Whenever possible, install packages using conda. Fall back to pip only in the event you can't find a conda package.


The Lab printer is a Xerox Phaser 3250 and is located in room 50.

For troubleshooting see the printer manual.

The Berkeley Phonetics Machine

The Berkeley Phonetics Machine is a virtual machine with phonetic software preinstalled.

Sample scripts and snippets

  • get_dur -- a very simple script for reading label durations from a Praat textgrid
  • output formatting in Python -- a Python snippet for creating readable and maintainable output format and header strings in your scripts
  • ffmpeg reference -- a reference page describing scriptable ways to use ffmpeg for creating video stimuli
  • multi_align -- a script for running pyalign on an audio file based on labelled regions of a textgrid. Pull it into the BPM with 'sudo bpm-update ucblingmisc'.

Tools and libraries

The tools and libraries listed here are available on the department server. Some may also be available for other platforms.

Local tools

  • ifcformant -- a command line tool for extracting formant measurements, as described in Ueda, Yuichi; Hamakawa, Tomoya; Sakata, Tadashi; Hario, Syota Hario; Watanabe, Akira (2007) A real-time formant tracker based on the inverse filter control method, Acoustical Science and Technology of the Acoustical Science of Japan 28(4), 271-4. We are grateful to Yuichi Ueda for providing the C code which implements the algorithm. The user interface is provided by a Python wrapper around the authors' C code and was written by Ronald Sprouse.

    Lab members can contact Ronald Sprouse for copies of ifcformant compiled for OS X, Windows, or Linux systems. Unfortunately we do not have permission to distribute the C code or compiled versions of this tool to the public.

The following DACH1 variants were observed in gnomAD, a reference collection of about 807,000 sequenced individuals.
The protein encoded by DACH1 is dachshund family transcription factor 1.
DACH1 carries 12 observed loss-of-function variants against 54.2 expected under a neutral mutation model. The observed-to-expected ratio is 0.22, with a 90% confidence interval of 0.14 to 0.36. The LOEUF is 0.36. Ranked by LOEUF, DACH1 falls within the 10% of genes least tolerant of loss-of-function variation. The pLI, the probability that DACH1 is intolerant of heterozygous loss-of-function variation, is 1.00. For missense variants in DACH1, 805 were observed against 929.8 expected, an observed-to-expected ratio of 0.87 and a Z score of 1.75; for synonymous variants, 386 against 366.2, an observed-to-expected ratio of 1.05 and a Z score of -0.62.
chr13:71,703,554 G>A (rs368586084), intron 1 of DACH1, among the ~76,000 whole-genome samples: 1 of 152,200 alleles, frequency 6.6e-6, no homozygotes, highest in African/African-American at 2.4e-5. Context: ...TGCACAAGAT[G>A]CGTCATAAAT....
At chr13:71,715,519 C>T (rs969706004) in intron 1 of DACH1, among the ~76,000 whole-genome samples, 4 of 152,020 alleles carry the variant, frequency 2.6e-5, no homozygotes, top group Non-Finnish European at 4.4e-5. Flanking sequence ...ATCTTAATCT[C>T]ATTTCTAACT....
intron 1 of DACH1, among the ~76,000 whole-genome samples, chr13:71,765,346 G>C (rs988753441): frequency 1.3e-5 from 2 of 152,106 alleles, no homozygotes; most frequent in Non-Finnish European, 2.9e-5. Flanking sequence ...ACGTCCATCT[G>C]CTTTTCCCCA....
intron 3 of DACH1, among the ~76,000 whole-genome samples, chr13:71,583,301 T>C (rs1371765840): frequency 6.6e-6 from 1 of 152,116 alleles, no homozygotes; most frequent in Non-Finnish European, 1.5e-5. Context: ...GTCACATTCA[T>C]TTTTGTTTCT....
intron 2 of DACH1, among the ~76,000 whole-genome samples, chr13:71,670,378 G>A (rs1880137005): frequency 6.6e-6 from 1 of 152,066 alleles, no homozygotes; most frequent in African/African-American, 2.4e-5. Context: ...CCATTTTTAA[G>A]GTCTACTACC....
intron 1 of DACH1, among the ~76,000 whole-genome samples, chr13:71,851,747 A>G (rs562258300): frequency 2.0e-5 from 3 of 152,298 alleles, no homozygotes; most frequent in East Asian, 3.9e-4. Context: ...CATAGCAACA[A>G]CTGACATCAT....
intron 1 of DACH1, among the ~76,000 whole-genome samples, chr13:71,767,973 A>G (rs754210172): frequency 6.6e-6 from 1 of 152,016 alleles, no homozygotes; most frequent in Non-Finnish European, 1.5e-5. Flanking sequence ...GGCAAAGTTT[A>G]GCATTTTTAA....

For detailed usage information, run: ifcformant --help
  • convertlabel -- a command line tool for converting between Praat textgrids, ESPS label files, and Wavesurfer label files. You can also scale or shift timepoints in the label file by a specified amount. Written by Ronald Sprouse.

    For detailed usage information, run: convertlabel --help
  • ultracomm -- a command line tool for configuring and acquiring ultrasound data from an Ultrasonix Tablet system.
  • -- a Python script for running ultracomm and simultaneously acquiring audio and ultrasound synchronization signals.

Local libraries

  • audiolabel -- a Python library for reading and writing Praat textgrids, ESPS label files, Wavesurfer label files, and time-aligned tabular data. Special access methods for retrieving labels at specified times or by matching label content. Written by Ronald Sprouse, and available on [github]. See meas_formants for a sample script that uses this library. The audiolabel_demo walks you through many of the steps executed in meas_formants.
  • -- a Perl library for reading and writing Praat textgrids, ESPS label files, and Wavesurfer label files, written by Ronald Sprouse. Old and clunky API. You are encouraged to write scripts that use audiolabel instead.

Handy third-party tools

  • pyalign -- a command line tool for automatically aligning phones to an audio file based on an orthographic transcription of the audio.
  • reaper -- a command line tool for calculating F0 from an audio file